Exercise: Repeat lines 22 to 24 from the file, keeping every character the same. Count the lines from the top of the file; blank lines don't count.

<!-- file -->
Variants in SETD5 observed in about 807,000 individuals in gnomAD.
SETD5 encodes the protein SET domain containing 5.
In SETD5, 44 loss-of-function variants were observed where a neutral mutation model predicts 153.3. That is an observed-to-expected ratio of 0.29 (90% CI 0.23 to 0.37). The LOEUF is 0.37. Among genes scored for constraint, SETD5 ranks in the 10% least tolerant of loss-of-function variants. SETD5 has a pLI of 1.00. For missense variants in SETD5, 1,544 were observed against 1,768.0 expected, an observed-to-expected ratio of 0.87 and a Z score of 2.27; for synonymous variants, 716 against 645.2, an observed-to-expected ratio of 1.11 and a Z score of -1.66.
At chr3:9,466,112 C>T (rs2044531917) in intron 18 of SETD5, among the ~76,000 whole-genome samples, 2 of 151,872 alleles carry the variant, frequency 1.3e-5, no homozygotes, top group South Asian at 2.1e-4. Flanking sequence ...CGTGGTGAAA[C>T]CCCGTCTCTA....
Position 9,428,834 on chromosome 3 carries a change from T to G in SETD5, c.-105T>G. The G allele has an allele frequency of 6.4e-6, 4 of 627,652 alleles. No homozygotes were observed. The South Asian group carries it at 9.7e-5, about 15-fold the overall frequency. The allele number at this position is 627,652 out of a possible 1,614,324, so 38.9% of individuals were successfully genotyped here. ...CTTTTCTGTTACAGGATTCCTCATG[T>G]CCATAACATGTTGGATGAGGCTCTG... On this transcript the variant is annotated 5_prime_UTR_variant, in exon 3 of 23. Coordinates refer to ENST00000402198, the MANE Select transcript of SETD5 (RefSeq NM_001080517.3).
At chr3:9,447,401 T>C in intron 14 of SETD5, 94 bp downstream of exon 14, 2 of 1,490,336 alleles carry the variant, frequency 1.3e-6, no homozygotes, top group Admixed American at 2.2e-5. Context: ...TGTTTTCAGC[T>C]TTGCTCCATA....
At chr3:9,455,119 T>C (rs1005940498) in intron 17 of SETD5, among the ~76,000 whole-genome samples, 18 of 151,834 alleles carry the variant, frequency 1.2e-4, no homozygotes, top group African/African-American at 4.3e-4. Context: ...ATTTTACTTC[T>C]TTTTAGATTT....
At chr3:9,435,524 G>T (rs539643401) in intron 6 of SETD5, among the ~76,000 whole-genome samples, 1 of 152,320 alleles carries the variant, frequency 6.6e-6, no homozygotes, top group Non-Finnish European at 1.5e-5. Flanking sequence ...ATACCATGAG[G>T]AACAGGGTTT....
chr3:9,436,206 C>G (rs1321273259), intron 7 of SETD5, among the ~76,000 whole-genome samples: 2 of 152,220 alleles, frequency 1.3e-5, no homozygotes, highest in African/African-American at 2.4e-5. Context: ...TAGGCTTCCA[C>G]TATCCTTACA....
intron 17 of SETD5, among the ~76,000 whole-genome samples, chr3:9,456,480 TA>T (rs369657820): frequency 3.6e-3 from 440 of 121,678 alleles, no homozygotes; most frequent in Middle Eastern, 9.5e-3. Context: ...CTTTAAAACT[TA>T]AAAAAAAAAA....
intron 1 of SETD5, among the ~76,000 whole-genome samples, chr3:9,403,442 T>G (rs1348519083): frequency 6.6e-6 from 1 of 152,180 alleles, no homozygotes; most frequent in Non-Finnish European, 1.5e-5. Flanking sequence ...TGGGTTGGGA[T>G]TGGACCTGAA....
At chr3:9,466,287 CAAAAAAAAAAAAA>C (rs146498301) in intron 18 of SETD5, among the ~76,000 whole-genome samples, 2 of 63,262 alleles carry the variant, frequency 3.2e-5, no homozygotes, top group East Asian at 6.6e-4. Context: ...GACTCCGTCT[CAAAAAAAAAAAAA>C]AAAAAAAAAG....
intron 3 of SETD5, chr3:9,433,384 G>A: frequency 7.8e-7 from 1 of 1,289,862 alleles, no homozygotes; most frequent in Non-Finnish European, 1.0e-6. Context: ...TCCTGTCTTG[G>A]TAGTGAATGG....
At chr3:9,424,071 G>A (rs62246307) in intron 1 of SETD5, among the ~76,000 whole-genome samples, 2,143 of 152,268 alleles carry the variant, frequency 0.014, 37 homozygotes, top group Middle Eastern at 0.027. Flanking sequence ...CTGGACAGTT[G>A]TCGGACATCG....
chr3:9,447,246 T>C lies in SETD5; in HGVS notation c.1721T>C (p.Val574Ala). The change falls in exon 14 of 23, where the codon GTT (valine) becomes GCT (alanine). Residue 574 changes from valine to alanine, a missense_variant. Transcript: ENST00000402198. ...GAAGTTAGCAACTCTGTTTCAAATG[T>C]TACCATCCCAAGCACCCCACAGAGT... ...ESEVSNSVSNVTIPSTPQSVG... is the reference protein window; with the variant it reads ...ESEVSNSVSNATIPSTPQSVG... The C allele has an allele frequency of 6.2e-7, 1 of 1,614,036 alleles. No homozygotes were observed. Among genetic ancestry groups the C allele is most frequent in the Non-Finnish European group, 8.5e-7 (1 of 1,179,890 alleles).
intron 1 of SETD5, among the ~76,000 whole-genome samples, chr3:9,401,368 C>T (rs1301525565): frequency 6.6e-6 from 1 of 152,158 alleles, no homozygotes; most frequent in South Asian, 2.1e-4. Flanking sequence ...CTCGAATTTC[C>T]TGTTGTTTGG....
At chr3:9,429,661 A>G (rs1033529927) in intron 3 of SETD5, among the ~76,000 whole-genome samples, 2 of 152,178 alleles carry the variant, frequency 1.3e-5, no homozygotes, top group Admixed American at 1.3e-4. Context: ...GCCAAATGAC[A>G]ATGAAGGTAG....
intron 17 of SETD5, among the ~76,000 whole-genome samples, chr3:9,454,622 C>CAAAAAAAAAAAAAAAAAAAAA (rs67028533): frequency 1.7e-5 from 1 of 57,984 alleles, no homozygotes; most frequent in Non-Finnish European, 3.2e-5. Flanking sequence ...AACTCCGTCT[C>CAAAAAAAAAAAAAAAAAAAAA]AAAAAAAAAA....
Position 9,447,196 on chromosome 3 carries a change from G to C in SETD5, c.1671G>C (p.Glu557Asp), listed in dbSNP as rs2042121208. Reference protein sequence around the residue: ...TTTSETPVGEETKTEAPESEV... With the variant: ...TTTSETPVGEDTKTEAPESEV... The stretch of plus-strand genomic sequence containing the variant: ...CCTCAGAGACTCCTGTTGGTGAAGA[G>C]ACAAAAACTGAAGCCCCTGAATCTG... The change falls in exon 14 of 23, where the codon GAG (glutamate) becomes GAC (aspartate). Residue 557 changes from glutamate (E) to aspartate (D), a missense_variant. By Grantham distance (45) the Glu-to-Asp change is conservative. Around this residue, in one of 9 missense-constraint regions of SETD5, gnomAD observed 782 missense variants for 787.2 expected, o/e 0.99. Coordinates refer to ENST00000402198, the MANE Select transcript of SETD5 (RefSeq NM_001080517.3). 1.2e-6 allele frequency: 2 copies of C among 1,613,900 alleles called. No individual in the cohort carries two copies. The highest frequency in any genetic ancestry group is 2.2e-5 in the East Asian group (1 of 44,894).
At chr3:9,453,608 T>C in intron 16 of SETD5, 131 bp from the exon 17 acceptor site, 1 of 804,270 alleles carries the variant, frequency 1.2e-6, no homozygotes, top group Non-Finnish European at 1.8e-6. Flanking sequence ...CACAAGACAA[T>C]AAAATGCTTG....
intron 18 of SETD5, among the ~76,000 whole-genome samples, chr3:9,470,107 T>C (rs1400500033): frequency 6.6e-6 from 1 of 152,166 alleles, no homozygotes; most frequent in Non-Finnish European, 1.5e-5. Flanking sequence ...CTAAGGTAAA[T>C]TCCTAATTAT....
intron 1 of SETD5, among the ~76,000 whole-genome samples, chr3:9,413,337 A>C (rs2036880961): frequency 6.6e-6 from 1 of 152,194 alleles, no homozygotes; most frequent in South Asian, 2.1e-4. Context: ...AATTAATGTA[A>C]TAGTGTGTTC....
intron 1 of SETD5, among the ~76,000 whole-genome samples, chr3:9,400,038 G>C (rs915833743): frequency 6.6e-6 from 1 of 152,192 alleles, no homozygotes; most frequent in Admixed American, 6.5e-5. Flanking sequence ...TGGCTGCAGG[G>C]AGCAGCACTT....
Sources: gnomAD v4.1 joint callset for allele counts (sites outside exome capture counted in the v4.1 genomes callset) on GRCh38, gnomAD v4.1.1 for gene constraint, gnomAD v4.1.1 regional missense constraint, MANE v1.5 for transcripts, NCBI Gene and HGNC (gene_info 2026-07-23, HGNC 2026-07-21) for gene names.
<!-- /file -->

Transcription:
intron 1 of SETD5, among the ~76,000 whole-genome samples, chr3:9,413,337 A>C (rs2036880961): frequency 6.6e-6 from 1 of 152,194 alleles, no homozygotes; most frequent in South Asian, 2.1e-4. Context: ...AATTAATGTA[A>C]TAGTGTGTTC....
intron 1 of SETD5, among the ~76,000 whole-genome samples, chr3:9,400,038 G>C (rs915833743): frequency 6.6e-6 from 1 of 152,192 alleles, no homozygotes; most frequent in Admixed American, 6.5e-5. Flanking sequence ...TGGCTGCAGG[G>C]AGCAGCACTT....
Sources: gnomAD v4.1 joint callset for allele counts (sites outside exome capture counted in the v4.1 genomes callset) on GRCh38, gnomAD v4.1.1 for gene constraint, gnomAD v4.1.1 regional missense constraint, MANE v1.5 for transcripts, NCBI Gene and HGNC (gene_info 2026-07-23, HGNC 2026-07-21) for gene names.